38. 38. Bruckner test • Is performed by using direct ophthalmoscope to obtain a red reflex simultaneously in both eyes. • If there is strabismus , the deviated eye will have a lighter and brighter reflex than the fixing eye. • Media opacities, Refractive errors, Strabismus
  39. 39. Dissimilar image tests Maddox wing Dissociates eyes for near fixation (1/3 m) • Measures heterophoria • Maddox rod White spot converted into red streak • Cannot differentiate tropia from phoria •
  40. 40. Measurements of ocular misalignment • Synoptophore - picture test • Measure misalignments, sensory and motor fusion and stereopsis • Predict BV post-surgery • Measure misalignments 9 positions of gaze
  41. 41. Key notes • Early intermittent neonatal misalignment common between birth and 2-4 months • BSV well established from 6 months • Sensitive period for development of vision and binocular reflexes • Suspected squint after 4 months (corrected) age should be referred for orthoptic assessment
  42. 42. Aniseikonia • Translated from Greek aniseikonia means "unequal images". • It is a binocular condition, so the image in one eye is perceived as different in size compared to the image in the other eye. • Two different types of aniseikonia can be differentiated: static and dynamic aniseikonia 42
  43. 43. Aniseikonia • Static aniseikonia or aniseikonia in short means that in a static situation where the eyes are gazing in a certain direction • The perceived (peripheral) images are different in size 43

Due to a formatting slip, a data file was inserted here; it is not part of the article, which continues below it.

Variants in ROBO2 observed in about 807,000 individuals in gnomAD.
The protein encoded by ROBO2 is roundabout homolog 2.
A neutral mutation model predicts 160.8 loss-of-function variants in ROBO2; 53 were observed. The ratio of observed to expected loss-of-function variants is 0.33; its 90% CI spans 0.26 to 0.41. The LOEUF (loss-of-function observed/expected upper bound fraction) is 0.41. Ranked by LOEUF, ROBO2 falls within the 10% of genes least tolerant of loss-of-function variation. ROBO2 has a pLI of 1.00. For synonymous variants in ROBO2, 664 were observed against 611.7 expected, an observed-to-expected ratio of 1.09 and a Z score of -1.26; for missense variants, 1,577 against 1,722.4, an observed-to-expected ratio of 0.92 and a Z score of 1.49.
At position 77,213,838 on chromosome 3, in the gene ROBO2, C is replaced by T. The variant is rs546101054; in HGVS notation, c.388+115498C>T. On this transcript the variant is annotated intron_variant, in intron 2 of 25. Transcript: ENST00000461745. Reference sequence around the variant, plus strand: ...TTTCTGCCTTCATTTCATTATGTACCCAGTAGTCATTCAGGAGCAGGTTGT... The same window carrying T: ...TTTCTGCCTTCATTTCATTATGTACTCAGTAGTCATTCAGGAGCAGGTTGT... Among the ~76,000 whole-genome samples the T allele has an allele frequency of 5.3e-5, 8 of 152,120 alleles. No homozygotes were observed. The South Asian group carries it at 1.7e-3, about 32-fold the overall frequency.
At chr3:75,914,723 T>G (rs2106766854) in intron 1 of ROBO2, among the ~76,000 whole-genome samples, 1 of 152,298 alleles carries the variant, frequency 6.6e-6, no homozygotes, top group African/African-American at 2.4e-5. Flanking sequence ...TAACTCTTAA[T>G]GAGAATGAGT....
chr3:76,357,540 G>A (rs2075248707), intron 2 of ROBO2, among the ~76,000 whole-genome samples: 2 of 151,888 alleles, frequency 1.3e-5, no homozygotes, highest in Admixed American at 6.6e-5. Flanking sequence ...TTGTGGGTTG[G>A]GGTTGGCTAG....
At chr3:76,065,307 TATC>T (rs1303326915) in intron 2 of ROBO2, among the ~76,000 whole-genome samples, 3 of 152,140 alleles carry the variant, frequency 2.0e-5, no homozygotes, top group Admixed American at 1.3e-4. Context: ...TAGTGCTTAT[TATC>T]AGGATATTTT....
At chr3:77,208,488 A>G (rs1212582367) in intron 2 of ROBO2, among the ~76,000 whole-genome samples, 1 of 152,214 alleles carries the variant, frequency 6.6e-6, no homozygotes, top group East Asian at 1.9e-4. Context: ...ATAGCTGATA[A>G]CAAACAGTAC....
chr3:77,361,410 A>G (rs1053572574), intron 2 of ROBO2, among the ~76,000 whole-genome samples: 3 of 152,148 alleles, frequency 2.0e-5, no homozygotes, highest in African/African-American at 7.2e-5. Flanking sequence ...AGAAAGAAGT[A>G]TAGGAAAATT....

44. 44. Aniseikonia : Static 44
  45. 45. Aniseikonia • Dynamic aniseikonia or (optically induced) anisophoria means that the eyes have to rotate a different amount to gaze (i.e. look with the sharpest vision) at the same point in space • This is especially difficult for eye rotations in the vertical direction 45
  46. 46. Aniseikonia : Dynamic 46
  47. 47. Prismatic effect of decentred lens • Convex lens  two prisms cemented together at their BASEs • Concave lens  two prisms cemented together at their APEXs • Decentred lens  Prism effect  Base in or Base out Decrease convergence Increase convergence
  48. 48. Anisophoria • Is a condition in which the balance of the vertical muscles of one eye differs from that of the other eye  the visual lines do not lie in the same horizontal plane • Eye muscle imbalance  the horizontal visual plane of one eye is different from that of the other 48
  49. 49. Amblyopia Type : • Strabismic amblyopia – Frequently  in esotropia patients • Anisometropic (Refractive) amblyopia – Difference in refraction greater than 2.50 D • Isoametropic amblyopia – Bilateral refractive error grater than + 5.00 or – 10.00 D • Deprivation amblyopia – Caused by such as media opacities Deborah Pavan-Langston, 2008 49
  50. 50. Management of squint • • • • • Orthoptic assessment Cycloplegic refraction & fundoscopy Correct significant refractive error Allow for refractive adaptation (up to 6/18) Occlusion treatment for amblyopia (patches, atropine) • Orthoptic exercises (intermittent deviations) • Surgery
  51. 51. Binocular Single Vision
  52. 52. Early history Leonardo Da Vinci had realized that two images would be needed for stereo viewing, but never created a 3D painting
  53. 53. • 1838 Wheatstone Stereoscopes – 1848 Brewseter – 1881 Popularized by Oliver Wendell Holmes • 1853 Earliest Anaglyph photographs Viewmaster 1939-Today Equivalent
  54. 54. 20 Century th • 1908 Lippmann, Integral Imaging, Lenticular Printing • 1934 Polarizing Glasses (two synchronized projectors) • 1950s Anaglyph and polarizing glasses popular to counter rise of television • Next 3D picture and 3D motion picture